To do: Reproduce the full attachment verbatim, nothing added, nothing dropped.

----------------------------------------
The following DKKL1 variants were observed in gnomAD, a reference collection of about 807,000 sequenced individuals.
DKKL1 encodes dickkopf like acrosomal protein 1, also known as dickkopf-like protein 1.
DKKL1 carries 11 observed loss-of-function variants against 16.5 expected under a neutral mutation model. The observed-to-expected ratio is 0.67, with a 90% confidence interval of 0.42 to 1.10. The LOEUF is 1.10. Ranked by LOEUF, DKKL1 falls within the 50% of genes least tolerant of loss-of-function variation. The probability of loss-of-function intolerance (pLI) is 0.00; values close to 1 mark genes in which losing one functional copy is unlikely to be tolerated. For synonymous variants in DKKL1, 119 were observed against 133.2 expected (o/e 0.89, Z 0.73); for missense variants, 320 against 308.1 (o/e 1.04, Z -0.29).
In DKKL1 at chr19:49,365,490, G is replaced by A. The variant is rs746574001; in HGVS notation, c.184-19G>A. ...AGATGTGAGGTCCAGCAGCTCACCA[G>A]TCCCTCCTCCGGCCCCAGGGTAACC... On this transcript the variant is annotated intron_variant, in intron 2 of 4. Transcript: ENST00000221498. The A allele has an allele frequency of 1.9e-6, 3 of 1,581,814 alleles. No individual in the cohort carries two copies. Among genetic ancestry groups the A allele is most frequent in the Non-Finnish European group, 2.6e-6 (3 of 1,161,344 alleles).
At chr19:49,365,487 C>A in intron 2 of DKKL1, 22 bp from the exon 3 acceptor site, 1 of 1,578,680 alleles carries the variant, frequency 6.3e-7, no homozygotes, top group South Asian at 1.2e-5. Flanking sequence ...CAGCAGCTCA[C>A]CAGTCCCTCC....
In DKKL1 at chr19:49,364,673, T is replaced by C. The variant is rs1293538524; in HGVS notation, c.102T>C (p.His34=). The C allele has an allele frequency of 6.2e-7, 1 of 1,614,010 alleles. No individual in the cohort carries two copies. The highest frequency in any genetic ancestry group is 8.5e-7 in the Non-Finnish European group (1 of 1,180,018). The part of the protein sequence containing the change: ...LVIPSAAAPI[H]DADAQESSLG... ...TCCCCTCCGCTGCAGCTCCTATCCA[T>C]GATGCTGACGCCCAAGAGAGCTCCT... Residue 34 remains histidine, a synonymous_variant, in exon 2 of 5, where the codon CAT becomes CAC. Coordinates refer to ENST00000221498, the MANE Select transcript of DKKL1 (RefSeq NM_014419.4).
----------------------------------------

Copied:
The following DKKL1 variants were observed in gnomAD, a reference collection of about 807,000 sequenced individuals.
DKKL1 encodes dickkopf like acrosomal protein 1, also known as dickkopf-like protein 1.
DKKL1 carries 11 observed loss-of-function variants against 16.5 expected under a neutral mutation model. The observed-to-expected ratio is 0.67, with a 90% confidence interval of 0.42 to 1.10. The LOEUF is 1.10. Ranked by LOEUF, DKKL1 falls within the 50% of genes least tolerant of loss-of-function variation. The probability of loss-of-function intolerance (pLI) is 0.00; values close to 1 mark genes in which losing one functional copy is unlikely to be tolerated. For synonymous variants in DKKL1, 119 were observed against 133.2 expected (o/e 0.89, Z 0.73); for missense variants, 320 against 308.1 (o/e 1.04, Z -0.29).
In DKKL1 at chr19:49,365,490, G is replaced by A. The variant is rs746574001; in HGVS notation, c.184-19G>A. ...AGATGTGAGGTCCAGCAGCTCACCA[G>A]TCCCTCCTCCGGCCCCAGGGTAACC... On this transcript the variant is annotated intron_variant, in intron 2 of 4. Transcript: ENST00000221498. The A allele has an allele frequency of 1.9e-6, 3 of 1,581,814 alleles. No individual in the cohort carries two copies. Among genetic ancestry groups the A allele is most frequent in the Non-Finnish European group, 2.6e-6 (3 of 1,161,344 alleles).
At chr19:49,365,487 C>A in intron 2 of DKKL1, 22 bp from the exon 3 acceptor site, 1 of 1,578,680 alleles carries the variant, frequency 6.3e-7, no homozygotes, top group South Asian at 1.2e-5. Flanking sequence ...CAGCAGCTCA[C>A]CAGTCCCTCC....
In DKKL1 at chr19:49,364,673, T is replaced by C. The variant is rs1293538524; in HGVS notation, c.102T>C (p.His34=). The C allele has an allele frequency of 6.2e-7, 1 of 1,614,010 alleles. No individual in the cohort carries two copies. The highest frequency in any genetic ancestry group is 8.5e-7 in the Non-Finnish European group (1 of 1,180,018). The part of the protein sequence containing the change: ...LVIPSAAAPI[H]DADAQESSLG... ...TCCCCTCCGCTGCAGCTCCTATCCA[T>C]GATGCTGACGCCCAAGAGAGCTCCT... Residue 34 remains histidine, a synonymous_variant, in exon 2 of 5, where the codon CAT becomes CAC. Coordinates refer to ENST00000221498, the MANE Select transcript of DKKL1 (RefSeq NM_014419.4).